The POW suffer at the hands of the belligerents. Belligerents hold prisoners of war in custody for a range of legitimate and illegitimate reasons, such as isolating them from enemy combatants still in the field (releasing and repatriating them in an orderly manner after hostilities), demonstrating military victory, punishing them, prosecuting them for war crimes, exploiting them for their labour, recruiting or even conscripting them as their own combatants, collecting military and political intelligence from them, or indoctrinating them in new political or religious beliefs. There are reports of third degree torture on the POW, their hands are tied, they are kicked and punched, they are interrogated at odd hours and for days, they are sent to solitary confinement and made to stay naked, they are tortured mentally and physically. Thus one cannot deny gross violation of their human rights.

Today’s world has witnessed barbaric and inhumane treatment to the POWs whether by the US army in Guantanamo Bay, IS forces in Iraq and Syria or by Boko Haram in Nigeria. Every now and then, we read and hear about the spine chilling acts of the militants groups like IS and Boko Haram groups which include genocides, mass killings, massacre of men, women and prisoners of war. We are also aware about the reports of POW still languishing in the prison of Pakistan since the aftermath of the Indo-Pak War of 1971.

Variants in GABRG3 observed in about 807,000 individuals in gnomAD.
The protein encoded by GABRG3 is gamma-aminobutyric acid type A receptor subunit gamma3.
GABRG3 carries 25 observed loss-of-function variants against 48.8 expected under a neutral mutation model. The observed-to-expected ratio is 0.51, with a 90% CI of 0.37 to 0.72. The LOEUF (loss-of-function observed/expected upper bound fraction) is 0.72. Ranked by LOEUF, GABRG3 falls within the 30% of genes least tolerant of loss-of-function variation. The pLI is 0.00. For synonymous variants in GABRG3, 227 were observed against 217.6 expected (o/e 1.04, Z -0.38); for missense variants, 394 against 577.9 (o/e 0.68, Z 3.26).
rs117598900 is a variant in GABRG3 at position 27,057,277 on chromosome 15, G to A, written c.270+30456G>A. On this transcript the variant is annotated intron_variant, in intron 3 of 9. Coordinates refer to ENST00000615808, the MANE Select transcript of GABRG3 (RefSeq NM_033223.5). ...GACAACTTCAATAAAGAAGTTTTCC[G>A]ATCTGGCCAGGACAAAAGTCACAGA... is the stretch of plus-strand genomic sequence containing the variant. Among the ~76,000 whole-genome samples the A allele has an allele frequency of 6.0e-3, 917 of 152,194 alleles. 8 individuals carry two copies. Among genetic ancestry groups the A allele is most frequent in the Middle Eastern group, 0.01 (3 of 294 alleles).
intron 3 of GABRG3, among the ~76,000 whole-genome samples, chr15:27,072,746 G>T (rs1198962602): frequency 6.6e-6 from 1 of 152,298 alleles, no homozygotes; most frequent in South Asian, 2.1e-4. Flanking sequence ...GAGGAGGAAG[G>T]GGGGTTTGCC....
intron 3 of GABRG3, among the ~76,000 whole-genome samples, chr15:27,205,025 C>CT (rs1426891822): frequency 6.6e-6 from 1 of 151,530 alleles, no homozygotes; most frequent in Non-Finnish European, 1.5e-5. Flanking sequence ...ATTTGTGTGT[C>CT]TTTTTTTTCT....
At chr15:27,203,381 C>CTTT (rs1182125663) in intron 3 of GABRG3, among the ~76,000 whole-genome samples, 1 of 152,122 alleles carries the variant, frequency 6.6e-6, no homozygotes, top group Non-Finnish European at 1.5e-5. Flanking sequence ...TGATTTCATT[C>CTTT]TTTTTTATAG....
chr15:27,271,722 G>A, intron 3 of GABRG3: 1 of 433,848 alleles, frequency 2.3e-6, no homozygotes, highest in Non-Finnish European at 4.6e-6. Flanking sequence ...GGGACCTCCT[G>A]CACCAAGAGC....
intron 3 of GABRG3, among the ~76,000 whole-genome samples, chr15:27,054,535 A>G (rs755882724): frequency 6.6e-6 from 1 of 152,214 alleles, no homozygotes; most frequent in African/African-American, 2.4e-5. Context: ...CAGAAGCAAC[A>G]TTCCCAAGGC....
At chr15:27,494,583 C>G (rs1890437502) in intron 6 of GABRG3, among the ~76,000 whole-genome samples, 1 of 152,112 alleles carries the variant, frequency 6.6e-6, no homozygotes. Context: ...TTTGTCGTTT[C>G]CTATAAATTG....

Question arises why aren’t these POW repatriated to their home country? Why does it takes ages for the countries to address to this issue and protect their own men held captive in other country? Shouldn’t their voices and grievances be heard and addressed just like it is heard of those accused and imprisoned for cheating or murder in home country? It is unfortunate that there have been hardly any public talks or publication of reports about the status of the POW in countries except during the sessions and conferences at the UN where countries are ‘obligated’ to give a record of the status and treatment of POWs in their country, (if any).

Looking so far the efforts of each country question arises- why does each country do not make the records of POW in their country as well as those in other countries public? Why do they avoid from making records public and also from answering questions relating to this issue? Is it that they consider this as an issue that has to be dealt only in a ‘diplomatic way’? It shouldn’t be forgotten that transparency and accountability is important and is valued by the people in every country.

I believe for very person it is important to know where and how his countrymen captured as POW is treated, what are the rights given to them, nationally and internationally, how does the government of each country plan to get them back to their home country, and are they willing to negotiate with the belligerent and be persistent.